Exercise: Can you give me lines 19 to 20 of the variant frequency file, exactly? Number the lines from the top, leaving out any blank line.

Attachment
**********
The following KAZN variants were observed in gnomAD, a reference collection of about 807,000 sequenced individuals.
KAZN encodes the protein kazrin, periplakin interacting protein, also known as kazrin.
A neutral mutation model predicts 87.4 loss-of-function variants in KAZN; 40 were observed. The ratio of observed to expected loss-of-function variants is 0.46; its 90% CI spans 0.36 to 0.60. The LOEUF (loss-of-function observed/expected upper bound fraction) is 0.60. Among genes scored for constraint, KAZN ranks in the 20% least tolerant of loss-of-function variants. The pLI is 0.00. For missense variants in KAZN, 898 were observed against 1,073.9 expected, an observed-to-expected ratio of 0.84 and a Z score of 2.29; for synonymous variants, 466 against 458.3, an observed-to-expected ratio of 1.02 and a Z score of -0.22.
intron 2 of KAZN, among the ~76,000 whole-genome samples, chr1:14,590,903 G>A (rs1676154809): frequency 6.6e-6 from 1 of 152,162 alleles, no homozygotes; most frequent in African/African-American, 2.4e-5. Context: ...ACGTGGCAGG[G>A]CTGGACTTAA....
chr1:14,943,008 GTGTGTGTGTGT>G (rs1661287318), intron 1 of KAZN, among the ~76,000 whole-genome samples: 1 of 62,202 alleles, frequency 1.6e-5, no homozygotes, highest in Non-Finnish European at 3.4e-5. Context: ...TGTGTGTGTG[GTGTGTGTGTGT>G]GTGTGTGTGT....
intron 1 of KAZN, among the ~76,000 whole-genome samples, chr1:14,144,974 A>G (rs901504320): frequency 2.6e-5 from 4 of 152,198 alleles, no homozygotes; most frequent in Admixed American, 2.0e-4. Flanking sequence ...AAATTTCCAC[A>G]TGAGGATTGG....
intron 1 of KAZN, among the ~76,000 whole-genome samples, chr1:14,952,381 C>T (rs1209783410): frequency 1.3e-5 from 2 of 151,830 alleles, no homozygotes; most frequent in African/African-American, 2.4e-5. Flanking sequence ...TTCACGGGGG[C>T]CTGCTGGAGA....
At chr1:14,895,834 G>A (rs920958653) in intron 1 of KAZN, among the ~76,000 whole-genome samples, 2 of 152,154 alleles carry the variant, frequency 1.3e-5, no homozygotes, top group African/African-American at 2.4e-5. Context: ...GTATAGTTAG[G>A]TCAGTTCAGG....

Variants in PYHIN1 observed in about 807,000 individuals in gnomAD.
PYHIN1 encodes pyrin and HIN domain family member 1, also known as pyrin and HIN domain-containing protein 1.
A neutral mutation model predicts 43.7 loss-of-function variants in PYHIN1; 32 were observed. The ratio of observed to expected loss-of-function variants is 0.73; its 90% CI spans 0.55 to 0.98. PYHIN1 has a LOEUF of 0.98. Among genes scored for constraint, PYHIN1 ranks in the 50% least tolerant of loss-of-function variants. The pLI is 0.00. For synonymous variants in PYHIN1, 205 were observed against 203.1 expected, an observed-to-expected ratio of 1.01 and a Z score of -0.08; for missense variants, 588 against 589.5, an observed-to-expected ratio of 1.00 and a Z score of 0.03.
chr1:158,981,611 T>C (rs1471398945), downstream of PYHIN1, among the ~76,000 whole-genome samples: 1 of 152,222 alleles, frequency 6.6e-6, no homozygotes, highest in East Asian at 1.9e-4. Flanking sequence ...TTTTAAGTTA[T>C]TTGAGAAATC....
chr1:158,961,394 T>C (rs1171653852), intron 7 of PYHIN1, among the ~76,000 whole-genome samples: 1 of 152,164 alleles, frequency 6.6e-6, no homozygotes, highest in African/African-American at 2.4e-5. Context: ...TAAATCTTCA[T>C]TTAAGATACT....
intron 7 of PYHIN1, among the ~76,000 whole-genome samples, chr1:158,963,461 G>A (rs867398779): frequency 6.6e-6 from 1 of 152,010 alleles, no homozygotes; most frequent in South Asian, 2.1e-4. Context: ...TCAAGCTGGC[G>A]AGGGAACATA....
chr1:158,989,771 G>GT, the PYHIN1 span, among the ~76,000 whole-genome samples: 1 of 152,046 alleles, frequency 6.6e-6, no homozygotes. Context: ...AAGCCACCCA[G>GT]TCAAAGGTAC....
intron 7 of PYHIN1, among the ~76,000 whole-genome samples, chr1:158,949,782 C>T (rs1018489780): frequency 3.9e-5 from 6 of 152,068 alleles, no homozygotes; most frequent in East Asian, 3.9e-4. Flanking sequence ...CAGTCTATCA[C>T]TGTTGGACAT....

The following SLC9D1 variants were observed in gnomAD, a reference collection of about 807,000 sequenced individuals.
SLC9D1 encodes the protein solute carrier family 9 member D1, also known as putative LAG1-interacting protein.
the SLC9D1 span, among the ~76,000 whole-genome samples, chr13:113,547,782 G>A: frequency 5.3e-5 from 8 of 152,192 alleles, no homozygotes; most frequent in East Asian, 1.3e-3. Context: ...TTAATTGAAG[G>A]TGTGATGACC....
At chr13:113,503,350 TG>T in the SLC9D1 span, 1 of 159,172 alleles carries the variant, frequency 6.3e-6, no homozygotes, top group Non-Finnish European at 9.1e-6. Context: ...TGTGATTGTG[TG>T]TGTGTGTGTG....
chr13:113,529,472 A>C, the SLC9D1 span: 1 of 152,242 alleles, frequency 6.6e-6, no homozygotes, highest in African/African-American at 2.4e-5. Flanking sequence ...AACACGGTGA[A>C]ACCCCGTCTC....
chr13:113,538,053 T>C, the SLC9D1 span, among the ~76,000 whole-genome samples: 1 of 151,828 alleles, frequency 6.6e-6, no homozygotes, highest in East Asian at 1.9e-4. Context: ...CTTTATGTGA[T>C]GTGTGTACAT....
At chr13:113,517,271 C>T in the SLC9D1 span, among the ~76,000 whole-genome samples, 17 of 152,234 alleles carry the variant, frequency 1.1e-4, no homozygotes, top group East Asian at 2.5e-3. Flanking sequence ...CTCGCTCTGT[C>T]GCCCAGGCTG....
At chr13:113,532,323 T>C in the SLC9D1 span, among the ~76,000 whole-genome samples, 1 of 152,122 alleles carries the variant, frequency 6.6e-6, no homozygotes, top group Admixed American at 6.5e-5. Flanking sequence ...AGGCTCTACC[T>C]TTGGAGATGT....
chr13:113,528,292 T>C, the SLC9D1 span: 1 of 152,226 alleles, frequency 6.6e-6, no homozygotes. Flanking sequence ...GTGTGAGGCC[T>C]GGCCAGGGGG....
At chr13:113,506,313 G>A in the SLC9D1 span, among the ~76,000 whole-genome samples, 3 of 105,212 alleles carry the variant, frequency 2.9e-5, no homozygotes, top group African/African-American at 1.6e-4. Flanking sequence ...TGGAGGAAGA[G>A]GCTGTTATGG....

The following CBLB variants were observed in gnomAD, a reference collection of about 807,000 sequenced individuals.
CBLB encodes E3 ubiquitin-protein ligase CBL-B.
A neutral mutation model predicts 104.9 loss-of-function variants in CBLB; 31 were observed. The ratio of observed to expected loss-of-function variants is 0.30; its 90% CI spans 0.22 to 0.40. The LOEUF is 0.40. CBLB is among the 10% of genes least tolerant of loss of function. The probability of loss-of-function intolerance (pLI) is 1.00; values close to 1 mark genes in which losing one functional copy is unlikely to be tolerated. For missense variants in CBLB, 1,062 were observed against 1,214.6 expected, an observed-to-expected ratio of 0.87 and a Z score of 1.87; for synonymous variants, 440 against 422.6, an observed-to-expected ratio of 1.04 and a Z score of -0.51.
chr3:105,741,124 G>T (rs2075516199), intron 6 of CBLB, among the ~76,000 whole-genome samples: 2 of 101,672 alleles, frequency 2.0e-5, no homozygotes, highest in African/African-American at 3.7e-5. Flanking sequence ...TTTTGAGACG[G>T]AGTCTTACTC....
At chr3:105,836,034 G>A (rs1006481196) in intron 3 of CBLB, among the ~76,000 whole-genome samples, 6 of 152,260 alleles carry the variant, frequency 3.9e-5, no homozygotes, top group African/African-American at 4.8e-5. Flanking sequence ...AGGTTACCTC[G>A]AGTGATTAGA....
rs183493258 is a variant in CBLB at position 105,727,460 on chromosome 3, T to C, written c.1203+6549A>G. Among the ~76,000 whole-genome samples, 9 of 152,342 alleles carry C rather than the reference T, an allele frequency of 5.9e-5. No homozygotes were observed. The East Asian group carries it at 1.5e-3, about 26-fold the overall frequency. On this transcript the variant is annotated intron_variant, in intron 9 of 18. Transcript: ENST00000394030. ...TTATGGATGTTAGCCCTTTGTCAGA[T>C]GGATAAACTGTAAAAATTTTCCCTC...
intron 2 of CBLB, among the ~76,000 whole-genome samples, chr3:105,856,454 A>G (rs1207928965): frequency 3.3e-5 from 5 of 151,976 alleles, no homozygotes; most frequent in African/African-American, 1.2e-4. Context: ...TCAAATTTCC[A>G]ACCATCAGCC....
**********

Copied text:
the SLC9D1 span, among the ~76,000 whole-genome samples, chr13:113,547,782 G>A: frequency 5.3e-5 from 8 of 152,192 alleles, no homozygotes; most frequent in East Asian, 1.3e-3. Context: ...TTAATTGAAG[G>A]TGTGATGACC....
At chr13:113,503,350 TG>T in the SLC9D1 span, 1 of 159,172 alleles carries the variant, frequency 6.3e-6, no homozygotes, top group Non-Finnish European at 9.1e-6. Context: ...TGTGATTGTG[TG>T]TGTGTGTGTG....